Currently, Marrus’ work is available at a variety of locations, some in New Orleans, some on her Web site, and some in other areas. If you happen to be down NOLA way, I highly recommend you stop by The Frenchmen Art Market, and pick up a copy directly from the artist.
Knowing that Marrus travels all over the country selling her art, part of that “you have to get out of the house” technique, I wanted to know more about what it was like to be on the seller’s end at all the Cons and Faires and places I go to have fun, but an artist/writer/musician must go to make a living. She shared these thoughts:
“It makes me a little—okay, a lot—crazy to hear the assumptions people have about working artists. Getting work out to the people who will love it is a thousand times more difficult than creating it.
“You just see an artist sitting at an outdoor festival with a bunch of paintings and prints. But consider all the questions that needed answering first:
“How many hours did those works take to create? How did the artist find the right venue to sell her work? What happens when it rains (cuz it will)? How much money was invested to make those prints? How did she decide which pieces would sell? How did she get to the event? Are there tax licenses involved? How many days did it take to drive to that location? It goes on, and we haven’t even touched on craft, or technique, or schooling, or medium, or subject matter.
“This life is not for the weak. A working artist rarely, if ever, knows where the next paycheck is coming from. Health insurance is out of pocket. People want to tell you how their 9-year-old daughter does work JUST LIKE YOURS. Or, they aren’t interested at all in what you’ve created, but whip out their phones to show you THEIR work, and talk your ear off, ignoring the fact that you’ve paid to be there, and you’re trying to put food on the table.”
So, add “tact” to the list of skills one must develop in order to be a successful, working artist. Time and space on this blog was running short, but from previous conversations, I knew that there were a few questions Marrus hears over and over again. I wanted to give her a forum where she could express something that wasn’t a reply to one of those familiar questions. I invited her to discuss her favorite piece of her work. Her reply:
“My favorite piece of art is always the next one I’m about to create. If each one wasn’t an obsession, it would have never been created in the first place. (I.S. Note—My emphasis.)
“I tend to fall in love with my twistiest, most complex pieces, but they chime with a more limited group of folks. Sometimes, I’m pretty sure that the thing on which I’m currently working isn’t going to find an audience, but I decided a long time ago that I would go where the muse sent me, and hope for the best. It’s been working out so far. For example, I LOVED my “Pierced Monarch” painting, but it’s very layered & convoluted, and didn’t sing to people as much as I had hoped. (I.S. Note—This is one of my favorite pieces by Marrus. Having spawned a flash fiction short story in my head, a framed print is now hanging on my wall.) However, the Celtic musician, Heather Dale, did use it as an album cover, and I really like her work, so there’s that.”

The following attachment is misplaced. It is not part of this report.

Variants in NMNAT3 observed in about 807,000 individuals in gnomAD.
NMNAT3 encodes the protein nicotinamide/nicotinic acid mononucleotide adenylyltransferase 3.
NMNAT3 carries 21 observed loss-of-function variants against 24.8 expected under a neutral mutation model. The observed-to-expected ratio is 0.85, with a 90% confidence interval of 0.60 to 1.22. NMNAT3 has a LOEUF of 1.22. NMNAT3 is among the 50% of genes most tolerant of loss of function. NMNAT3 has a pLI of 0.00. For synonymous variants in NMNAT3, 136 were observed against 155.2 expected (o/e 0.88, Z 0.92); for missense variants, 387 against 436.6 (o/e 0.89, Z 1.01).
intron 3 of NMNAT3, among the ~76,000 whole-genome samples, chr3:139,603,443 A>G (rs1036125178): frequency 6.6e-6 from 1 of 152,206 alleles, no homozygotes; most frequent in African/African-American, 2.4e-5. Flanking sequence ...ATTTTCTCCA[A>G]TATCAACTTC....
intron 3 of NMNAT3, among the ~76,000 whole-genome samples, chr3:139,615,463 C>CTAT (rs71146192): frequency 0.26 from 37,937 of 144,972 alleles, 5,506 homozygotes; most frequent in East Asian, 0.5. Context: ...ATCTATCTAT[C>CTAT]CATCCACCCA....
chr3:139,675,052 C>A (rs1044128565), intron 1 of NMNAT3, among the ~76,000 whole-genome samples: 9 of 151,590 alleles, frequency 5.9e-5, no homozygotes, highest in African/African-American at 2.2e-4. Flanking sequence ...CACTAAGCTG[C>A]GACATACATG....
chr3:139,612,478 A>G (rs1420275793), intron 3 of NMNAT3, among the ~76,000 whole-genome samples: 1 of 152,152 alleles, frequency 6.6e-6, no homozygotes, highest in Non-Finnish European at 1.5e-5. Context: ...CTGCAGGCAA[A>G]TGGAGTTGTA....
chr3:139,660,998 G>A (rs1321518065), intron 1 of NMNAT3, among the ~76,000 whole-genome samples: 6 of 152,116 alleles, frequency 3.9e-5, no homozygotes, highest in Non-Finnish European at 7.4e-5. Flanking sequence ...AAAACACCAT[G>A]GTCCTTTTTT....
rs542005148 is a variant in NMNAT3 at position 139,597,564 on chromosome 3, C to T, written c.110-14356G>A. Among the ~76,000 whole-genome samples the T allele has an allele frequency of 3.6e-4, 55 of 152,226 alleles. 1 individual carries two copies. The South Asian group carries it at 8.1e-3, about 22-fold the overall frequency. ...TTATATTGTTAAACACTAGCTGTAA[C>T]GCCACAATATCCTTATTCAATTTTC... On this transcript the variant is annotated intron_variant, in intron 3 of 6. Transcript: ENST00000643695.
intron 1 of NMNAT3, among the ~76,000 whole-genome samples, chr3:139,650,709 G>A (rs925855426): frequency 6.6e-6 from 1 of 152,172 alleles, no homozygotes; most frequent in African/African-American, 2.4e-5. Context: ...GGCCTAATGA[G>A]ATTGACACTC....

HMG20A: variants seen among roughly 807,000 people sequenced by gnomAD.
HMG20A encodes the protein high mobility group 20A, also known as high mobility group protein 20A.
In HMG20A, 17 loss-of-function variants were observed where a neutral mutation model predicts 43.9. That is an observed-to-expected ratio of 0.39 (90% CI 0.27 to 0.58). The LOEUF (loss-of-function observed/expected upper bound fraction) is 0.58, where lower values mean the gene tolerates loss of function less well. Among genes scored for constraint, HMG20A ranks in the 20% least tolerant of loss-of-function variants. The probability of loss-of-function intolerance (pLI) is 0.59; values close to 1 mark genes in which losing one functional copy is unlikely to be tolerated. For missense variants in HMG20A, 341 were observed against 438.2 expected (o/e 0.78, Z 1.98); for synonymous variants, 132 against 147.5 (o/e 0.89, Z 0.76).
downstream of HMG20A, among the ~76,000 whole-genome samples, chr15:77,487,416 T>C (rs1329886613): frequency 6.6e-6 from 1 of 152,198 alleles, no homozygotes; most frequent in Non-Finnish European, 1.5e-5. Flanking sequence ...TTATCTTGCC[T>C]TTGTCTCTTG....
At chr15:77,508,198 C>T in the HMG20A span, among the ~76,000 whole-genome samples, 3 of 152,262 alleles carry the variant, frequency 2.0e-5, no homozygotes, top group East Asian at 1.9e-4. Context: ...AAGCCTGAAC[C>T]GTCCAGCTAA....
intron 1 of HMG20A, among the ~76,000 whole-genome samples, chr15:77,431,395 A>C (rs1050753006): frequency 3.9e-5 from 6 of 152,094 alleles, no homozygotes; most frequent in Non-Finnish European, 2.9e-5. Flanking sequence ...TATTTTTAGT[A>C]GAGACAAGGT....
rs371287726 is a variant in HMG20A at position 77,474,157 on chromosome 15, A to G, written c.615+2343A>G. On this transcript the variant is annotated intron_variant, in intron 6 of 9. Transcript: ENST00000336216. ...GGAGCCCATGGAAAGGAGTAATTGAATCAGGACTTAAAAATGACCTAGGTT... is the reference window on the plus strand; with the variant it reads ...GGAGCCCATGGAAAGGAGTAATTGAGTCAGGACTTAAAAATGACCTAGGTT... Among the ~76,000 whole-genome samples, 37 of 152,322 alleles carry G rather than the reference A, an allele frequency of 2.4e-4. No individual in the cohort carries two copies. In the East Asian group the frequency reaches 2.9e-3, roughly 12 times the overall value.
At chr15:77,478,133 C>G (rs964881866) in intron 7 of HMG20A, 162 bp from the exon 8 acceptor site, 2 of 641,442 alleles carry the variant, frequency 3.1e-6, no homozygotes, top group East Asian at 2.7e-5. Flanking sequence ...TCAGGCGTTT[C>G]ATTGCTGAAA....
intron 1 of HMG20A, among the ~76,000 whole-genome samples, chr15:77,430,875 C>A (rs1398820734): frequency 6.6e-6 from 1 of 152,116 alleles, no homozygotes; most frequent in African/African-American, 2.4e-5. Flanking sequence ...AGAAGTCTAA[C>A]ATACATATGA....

And, last question—but not least—What is one question about your work that people never ask you, but that you wish they would? And, of course, what is the answer?
Marrus: “In the almost 20-years I’ve been selling my work directly to the public, I have been asked just about every question imaginable. The only one I haven’t gotten is, ‘Hey, I love your work. Can I pay you six figures just to keep creating the stuff you do, when you get around to doing it?’
“Cuz that’d be awesome.”
I hope that this interview has sparked some interest to go and check out Marrus’ work, either her Web site, Facebook page, or Twitter. But wait, there’s more!
From Marrus: “I wrote a book detailing how to make a living doing what you love, so maybe other people wouldn’t have to reinvent the wheel. It’s called “Lightsurfing: Living Life in the Front of My Mouth,” and it’s a full-color, anecdotal, illustrated, autobiographical journey of what it takes to carve your own path in the world, make a living at it, and all the wild, weird, and whack things that happen as a result. You can buy it on Amazon, [including Kindle] or if you track me down at one of my events.”